AF447 Documentary on More4 TV



 The More4 TV documentary was good as far as it went but did not include contributory factors such as the captain only having had an hour’s sleep the night before, the poor relationship between the two copilots, and the fact that the captain was probably not in his bunk.

These and others are detailed in our account.

Click HERE for Table of Contents

Please follow and like us:

Why hardly any hosepipe bans in UK?

Why hardly any hosepipe bans?

A ban would reduce the UK water companies income. They seem to prefer to hold off imposing a ban at the risk of having to impose a much stricter one later, or even having to ration supplies.

It was a good call in 2018 for just when an increasing number looked inevitable, the rain came.

Apart from the risk of having impose stricter bans, or even ration supplies, later, this seems fair in that really poor people would not use much more water while the very rich with big gardens and lawns (and water meters?) would pay more, and be able to do so.

Of course this depends on people having meters.

Please follow and like us:

XL Airways-Air New Zealand Acceptance Flight

In updating Air Crashes and Miracle Landings we added this disastrous test flight because it had so many lessons for pilots and programmers of fly-by-wire systems. The lessons learned most likely saved lives on revenue flights. Extract:

Not All Pilots Can Conduct Air Tests (Off French Med. Coast, 2008)

What was expected to be a mere formality turned to disaster

 

This highlights the danger of pilots who are not test pilots carrying out tests without defining what constitutes a pass or fail, and the problems a pilot can face on taking over manual control from the computer.

XL Airways Flight 888T, November 27, 2008

 

Faced with a refusal by the air traffic controller at Bordeaux on the French Atlantic coast to allow them to  engage in test flights in general air traffic, the pilots of the Airbus A320 had cut short their “acceptance flight” and turned back to Perpignan Airport on the Mediterranean. In just under an hour—half the time intended—they had surreptitiously managed to fit all but one of the tests into their flight plan without air traffic control objecting.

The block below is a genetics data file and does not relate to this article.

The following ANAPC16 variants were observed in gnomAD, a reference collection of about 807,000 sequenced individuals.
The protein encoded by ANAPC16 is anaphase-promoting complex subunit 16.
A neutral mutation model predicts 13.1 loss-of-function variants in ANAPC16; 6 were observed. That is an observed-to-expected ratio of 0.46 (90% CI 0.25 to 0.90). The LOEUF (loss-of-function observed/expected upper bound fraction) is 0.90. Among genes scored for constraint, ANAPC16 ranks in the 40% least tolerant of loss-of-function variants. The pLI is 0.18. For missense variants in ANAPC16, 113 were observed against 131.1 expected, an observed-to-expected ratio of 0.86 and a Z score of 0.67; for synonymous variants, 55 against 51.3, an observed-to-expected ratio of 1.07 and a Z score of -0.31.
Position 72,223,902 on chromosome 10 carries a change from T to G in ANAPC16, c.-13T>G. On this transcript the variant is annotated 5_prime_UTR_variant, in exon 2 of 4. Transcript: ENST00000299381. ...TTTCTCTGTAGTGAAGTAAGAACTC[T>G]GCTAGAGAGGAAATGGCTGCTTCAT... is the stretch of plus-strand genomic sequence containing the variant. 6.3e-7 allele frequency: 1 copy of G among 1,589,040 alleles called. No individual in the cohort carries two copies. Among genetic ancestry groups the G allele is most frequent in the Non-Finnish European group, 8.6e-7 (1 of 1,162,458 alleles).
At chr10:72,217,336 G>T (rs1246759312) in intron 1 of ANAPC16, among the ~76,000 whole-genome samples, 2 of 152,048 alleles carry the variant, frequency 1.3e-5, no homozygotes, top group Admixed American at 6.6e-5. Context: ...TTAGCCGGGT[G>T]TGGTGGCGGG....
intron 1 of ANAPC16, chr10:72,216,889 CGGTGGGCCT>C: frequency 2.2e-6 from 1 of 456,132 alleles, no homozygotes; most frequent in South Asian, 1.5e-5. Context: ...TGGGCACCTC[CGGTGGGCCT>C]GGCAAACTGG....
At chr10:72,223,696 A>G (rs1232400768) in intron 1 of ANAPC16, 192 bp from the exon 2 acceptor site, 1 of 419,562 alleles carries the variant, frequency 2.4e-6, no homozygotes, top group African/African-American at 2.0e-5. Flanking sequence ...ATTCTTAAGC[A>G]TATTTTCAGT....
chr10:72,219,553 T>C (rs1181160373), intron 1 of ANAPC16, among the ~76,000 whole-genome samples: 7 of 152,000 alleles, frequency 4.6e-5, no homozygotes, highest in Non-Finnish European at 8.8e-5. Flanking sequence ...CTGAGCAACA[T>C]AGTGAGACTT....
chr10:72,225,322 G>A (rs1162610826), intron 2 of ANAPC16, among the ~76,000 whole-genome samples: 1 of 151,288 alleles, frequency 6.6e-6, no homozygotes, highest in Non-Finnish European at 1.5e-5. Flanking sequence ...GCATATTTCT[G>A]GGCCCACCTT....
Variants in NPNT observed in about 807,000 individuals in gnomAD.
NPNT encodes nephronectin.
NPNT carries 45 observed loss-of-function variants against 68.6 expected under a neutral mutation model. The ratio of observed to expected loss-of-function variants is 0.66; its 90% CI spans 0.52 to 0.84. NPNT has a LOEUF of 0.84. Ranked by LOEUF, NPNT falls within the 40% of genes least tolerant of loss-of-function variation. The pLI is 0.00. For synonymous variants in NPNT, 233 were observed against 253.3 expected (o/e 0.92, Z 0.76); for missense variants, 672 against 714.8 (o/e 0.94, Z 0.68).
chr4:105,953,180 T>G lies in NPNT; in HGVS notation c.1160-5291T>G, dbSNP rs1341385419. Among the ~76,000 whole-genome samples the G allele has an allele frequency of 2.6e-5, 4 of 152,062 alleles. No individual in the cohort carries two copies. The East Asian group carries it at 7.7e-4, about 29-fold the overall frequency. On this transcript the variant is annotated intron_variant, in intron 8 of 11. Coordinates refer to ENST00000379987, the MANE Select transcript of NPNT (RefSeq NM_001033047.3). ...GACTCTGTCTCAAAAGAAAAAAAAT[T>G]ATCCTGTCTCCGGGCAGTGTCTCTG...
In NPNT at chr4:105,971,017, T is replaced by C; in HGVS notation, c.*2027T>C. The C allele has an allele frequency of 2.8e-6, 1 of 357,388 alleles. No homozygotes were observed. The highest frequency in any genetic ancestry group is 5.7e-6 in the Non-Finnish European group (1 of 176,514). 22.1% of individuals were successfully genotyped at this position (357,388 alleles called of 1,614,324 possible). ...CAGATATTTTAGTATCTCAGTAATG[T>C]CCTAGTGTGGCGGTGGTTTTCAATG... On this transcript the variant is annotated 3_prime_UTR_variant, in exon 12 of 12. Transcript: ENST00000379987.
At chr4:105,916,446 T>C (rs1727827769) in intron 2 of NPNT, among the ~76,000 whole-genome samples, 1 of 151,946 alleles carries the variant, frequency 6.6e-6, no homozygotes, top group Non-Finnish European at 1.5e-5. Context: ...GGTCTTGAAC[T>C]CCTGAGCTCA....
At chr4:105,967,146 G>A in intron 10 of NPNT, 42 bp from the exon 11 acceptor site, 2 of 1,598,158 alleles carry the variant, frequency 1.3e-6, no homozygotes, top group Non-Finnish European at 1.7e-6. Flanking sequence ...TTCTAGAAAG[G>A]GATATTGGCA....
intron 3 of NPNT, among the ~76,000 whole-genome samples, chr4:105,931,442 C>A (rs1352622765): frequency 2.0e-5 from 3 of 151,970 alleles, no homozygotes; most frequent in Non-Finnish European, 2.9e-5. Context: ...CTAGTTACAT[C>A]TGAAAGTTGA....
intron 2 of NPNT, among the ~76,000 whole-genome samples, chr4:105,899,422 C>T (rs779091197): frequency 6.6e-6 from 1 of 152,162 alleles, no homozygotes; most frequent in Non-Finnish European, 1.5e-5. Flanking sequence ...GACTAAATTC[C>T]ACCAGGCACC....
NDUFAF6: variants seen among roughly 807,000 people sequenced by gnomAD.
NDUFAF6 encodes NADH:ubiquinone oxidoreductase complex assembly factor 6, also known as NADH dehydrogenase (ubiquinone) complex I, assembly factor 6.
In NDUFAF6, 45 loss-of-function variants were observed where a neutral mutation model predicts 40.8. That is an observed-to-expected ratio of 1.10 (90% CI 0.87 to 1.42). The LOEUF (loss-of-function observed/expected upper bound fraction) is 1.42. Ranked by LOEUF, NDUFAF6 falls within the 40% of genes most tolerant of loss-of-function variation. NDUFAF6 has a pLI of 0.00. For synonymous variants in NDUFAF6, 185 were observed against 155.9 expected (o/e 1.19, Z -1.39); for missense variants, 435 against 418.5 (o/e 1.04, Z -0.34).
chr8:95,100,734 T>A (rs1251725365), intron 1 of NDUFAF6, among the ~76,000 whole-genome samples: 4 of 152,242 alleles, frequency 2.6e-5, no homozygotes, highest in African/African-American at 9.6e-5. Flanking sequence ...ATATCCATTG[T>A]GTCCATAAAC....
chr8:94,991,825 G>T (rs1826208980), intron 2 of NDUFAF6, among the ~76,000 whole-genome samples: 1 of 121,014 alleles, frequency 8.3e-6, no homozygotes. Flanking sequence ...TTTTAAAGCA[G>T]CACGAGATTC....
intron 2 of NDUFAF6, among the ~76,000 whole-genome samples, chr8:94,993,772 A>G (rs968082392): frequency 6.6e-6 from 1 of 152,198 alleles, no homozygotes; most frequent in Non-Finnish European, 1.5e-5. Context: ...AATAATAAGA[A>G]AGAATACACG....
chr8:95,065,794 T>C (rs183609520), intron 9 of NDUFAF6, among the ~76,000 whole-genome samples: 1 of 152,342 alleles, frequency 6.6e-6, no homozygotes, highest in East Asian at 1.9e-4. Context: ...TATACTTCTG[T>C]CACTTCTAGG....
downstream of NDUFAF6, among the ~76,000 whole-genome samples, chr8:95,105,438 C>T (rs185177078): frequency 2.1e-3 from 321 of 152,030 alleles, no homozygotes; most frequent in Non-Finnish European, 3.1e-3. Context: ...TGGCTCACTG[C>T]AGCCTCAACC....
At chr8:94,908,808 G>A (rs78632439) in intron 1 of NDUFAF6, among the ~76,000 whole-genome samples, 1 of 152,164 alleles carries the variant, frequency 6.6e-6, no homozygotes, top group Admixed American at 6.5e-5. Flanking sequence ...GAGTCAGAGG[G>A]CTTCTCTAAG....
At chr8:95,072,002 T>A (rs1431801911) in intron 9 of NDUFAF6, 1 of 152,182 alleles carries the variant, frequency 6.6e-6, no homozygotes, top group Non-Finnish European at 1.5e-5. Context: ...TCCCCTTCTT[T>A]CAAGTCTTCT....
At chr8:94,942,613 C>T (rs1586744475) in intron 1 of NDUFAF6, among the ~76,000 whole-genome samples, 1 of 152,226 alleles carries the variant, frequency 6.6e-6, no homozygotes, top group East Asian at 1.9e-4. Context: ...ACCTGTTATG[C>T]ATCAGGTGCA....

Extract continued:

….
The elevators (operated via the sidestick) could not overcome the combined effect of the pitch trim set at its maximum nose-up and the go‑around thrust of engines set low down under the wings also levering the nose up.

At 15:45:42, after rising enough for the stall warning to stop momentarily, the airspeed had fallen to 40 knots. Two seconds later the maximum values recorded were a pitch of +57 degrees (i.e. exceedingly nose up), and an altitude of 3,788 feet, at which point the aircraft lurched over and careered down into the sea. All on board, including three Air New Zealand engineers and a New Zealand Civil Aviation Authority official in the passenger cabin, were killed.

Only sixty-two seconds had elapsed between the time the stall warning first triggered and the moment the recordings stopped!

The Investigation

This crash was very troubling because a month earlier another Airbus, a Qantas A330, had behaved very bizarrely (see Chapter 17) off the coast of Australia, albeit with the pilot managing to recover. After first suspecting the Air Data Inertial Reference Units as the Qantas A330 investigators had done, the French investigators were able to show the cause was the freezing of the water in the mechanisms of the two angle of attack sensors on the left of the fuselage. A third sensor still working was ignored by the system on the “odd man out” principle.

END OF EXTRACT

Click link to —> Table of Contents

Please follow and like us: